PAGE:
The interviewer is looking to learn how you took a modest account and grew it into something sizable. Typically, the most significant opportunity lies in an existing account rather than new sales as far as ROI goes, so it's essential that you're able to sign a new client, get their business, and continue to extract more business from them. Share a success story about how you've done this in the past.

      Written by Rachelle Enns

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  • 13.

    What goals have you set for yourself this year?

      How to Answer

      Goal setting is especially important in a sales position as the majority of your compensation will likely come from commissions. Also, setting smart goals tells your interviewer that you are ambitious and goal-oriented, which is something they want in their new hire. Use this time to show them that you set SMART goals (Specific, Measurable, Attainable, Relevant, Time-bound).

      Written by Rachelle Enns

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  • 14.

    Describe a situation when you negotiated terms with a tough customer.

      How to Answer

      This question may seem highly specific and could throw you off during the interview, but don't let it. Be prepared for precise situational questions. It's very likely you've had some experience negotiating or dealing with a demanding customer. If you have not, draw on a time that you had to settle with a difficult partner in a group project, a teammate, or a coach/professor.

      Be sure to share an instance that highlights your identification of the point of contention, what steps you took to share your side and get them to see your point of view, and how you resolved the issue. Share lessons learned from the experience that will be of value as you move into your next role.

      Written by Rachelle Enns

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  • 15.

    Walk me through your sales experience.

      How to Answer

      This question is a standard interview question for any position, but it's essential not just to read them your resume. The interviewers already have a copy! Be sure to talk about your sales experience, highlighting your most significant accomplishments. This task is especially important if your resume doesn't give a full picture of how much sales were involved in a seemingly non-sales position (think: hospitality industry, customer service, account management). Show off! Explicitly state your transferable skills.

      Written by Rachelle Enns

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  • 16.

    How would your current coworkers describe you?

      How to Answer

      This question is a version of 'describe yourself' but with a twist. By asking how your coworkers would describe you, you're more likely to give a candid, less canned response. Choose a few adjectives that are both truthful and ideally connected to a sales personality/career. This question would not be the time to describe yourself as reserved and introverted. Instead, opt for characteristics such as determined, goal-oriented, hardworking, or self-motivated.

      Written by Rachelle Enns on June 4th, 2019

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  • 17.

    What are some of the challenges you see facing this industry?

      How to Answer

      The interviewer wants to know that you've done your research on this particular industry, and the patterns involved. Whether you're a seasoned professional with years of experience in the same sector or fresh-faced in your first role, or even transitioning to a new industry after years in sales, it's essential that you know not only the company you're interviewing with, but also the scope you'd sell to, if hired. Be sure to do your research on competitors, where the company positions itself with its unique selling points, and what the industry is doing as a whole.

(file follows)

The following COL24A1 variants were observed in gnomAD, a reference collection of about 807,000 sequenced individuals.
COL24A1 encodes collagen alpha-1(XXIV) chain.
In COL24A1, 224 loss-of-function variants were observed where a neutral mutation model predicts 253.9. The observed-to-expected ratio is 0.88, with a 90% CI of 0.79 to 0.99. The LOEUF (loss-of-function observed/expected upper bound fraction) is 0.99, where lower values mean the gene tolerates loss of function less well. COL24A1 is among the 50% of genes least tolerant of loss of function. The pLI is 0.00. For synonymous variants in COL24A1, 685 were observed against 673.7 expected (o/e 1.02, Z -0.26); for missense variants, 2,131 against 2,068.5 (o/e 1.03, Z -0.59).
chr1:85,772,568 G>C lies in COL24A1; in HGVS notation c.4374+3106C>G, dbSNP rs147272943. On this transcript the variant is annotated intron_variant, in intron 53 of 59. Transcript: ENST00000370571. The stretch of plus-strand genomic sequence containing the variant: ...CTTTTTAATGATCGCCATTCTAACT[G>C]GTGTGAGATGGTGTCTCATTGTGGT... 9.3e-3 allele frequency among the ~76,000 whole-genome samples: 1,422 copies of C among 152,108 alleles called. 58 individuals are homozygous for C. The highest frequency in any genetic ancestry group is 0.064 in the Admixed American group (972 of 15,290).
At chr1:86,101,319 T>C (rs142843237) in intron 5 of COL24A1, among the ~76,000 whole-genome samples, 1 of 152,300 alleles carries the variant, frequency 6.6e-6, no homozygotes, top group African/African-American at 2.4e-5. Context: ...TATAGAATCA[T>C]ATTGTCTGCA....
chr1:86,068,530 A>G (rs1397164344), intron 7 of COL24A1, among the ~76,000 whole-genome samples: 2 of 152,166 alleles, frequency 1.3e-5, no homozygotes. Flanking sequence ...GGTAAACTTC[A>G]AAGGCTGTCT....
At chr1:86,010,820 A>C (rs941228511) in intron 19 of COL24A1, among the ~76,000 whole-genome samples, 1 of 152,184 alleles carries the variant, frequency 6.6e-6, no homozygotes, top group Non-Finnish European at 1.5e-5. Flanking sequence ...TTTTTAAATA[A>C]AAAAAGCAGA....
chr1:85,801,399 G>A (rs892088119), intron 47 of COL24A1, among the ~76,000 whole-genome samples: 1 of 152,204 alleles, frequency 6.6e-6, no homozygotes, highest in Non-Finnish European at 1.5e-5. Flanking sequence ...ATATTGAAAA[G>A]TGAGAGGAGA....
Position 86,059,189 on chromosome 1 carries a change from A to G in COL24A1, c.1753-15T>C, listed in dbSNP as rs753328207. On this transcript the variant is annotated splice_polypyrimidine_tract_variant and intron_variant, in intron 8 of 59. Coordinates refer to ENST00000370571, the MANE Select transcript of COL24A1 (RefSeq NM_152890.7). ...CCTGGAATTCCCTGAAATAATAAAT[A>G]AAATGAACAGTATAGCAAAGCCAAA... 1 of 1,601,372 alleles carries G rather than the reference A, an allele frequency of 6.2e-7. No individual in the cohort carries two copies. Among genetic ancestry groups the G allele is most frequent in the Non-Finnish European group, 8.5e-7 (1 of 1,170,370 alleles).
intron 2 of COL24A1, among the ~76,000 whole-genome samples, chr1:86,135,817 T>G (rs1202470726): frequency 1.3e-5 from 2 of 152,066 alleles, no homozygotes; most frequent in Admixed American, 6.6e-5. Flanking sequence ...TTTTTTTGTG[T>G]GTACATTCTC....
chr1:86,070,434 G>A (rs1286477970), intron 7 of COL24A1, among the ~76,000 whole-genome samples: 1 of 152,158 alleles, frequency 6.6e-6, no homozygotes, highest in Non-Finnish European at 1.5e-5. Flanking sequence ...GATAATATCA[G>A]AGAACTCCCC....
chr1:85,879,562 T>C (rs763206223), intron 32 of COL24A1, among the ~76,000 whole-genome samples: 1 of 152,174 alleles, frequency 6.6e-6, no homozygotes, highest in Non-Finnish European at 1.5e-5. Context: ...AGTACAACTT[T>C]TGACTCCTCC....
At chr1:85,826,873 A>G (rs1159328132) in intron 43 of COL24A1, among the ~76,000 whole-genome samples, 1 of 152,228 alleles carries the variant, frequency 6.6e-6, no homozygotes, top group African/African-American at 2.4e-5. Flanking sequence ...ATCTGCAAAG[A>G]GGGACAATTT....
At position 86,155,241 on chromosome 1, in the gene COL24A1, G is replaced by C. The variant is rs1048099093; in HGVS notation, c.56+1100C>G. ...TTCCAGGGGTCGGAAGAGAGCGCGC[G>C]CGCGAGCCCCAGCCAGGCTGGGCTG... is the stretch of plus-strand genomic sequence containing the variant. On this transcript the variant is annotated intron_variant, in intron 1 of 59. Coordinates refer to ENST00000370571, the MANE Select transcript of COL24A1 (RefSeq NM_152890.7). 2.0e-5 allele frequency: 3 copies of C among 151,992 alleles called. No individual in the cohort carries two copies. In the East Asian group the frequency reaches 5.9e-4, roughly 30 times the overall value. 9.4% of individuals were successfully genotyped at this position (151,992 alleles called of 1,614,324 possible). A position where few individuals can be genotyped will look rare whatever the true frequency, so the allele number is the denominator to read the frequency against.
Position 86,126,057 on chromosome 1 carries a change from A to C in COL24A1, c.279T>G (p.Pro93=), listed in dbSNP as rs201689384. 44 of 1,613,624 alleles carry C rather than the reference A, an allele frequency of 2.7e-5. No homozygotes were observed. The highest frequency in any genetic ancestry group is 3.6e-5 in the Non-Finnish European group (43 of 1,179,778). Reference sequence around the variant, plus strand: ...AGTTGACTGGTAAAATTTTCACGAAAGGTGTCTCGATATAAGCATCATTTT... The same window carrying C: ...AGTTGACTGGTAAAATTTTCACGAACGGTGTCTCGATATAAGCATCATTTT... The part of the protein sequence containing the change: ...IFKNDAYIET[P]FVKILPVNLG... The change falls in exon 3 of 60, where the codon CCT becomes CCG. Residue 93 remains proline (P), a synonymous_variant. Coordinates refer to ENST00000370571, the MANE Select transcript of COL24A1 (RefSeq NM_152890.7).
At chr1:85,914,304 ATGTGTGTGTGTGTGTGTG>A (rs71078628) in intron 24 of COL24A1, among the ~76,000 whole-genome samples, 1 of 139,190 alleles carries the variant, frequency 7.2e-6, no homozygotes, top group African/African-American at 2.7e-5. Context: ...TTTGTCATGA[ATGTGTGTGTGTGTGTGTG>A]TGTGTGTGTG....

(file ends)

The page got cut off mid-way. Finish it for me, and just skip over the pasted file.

Written by Rachelle Enns

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  • 18.

    Describe a time your company did not deliver on its product or service, and how you responded.

      How to Answer

      A company or its solution is not going to be perfect at all times, or at least not a perfect fit for everyone. It is essential that you can get out in front of the issue and address the shortcoming with your customer to build loyalty and trust. In an age of hiding behind text and email, it's so important to demonstrate to the customer, and in this case, the interviewer, that you aren't afraid to face an uncomfortable situation head-on, own up to the problem and get creative in your solution to keep your customer happy.

      Written by Rachelle Enns

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  • 19.

    What is the most important trait a sales professional should possess?

      How to Answer

      It is likely that the way you answer this question is the way that you see yourself! Think of a unique trait that you believe all sales professionals should have. Be sure to go beyond the surface and avoid saying things like, 'people-person,' for instance. Dig a bit deeper.

      Some examples of essential traits may be:

      - Curious
      - Achievement driven
      - Strong sense of duty
      - Dominant
      - Ability to handle emotional disappointments
      - Unafraid and unabashed

      Written by Rachelle Enns on June 4th, 2019

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  • 20.

    Tell me about a time you strayed from your company's standard protocol. How did it turn out?

      How to Answer

      There's a fine line here between ignoring the company's protocol and seeking a creative solution that is beneficial to all parties. Sometimes the SOP (standard operating procedure) does not fit all clients or situations, so it's crucial to demonstrate that you can think outside of the box. Choose an example in which the outcome was positive. Give a little background on the situation, why the standard procedure wouldn't have worked, and what you did.

      Written by Rachelle Enns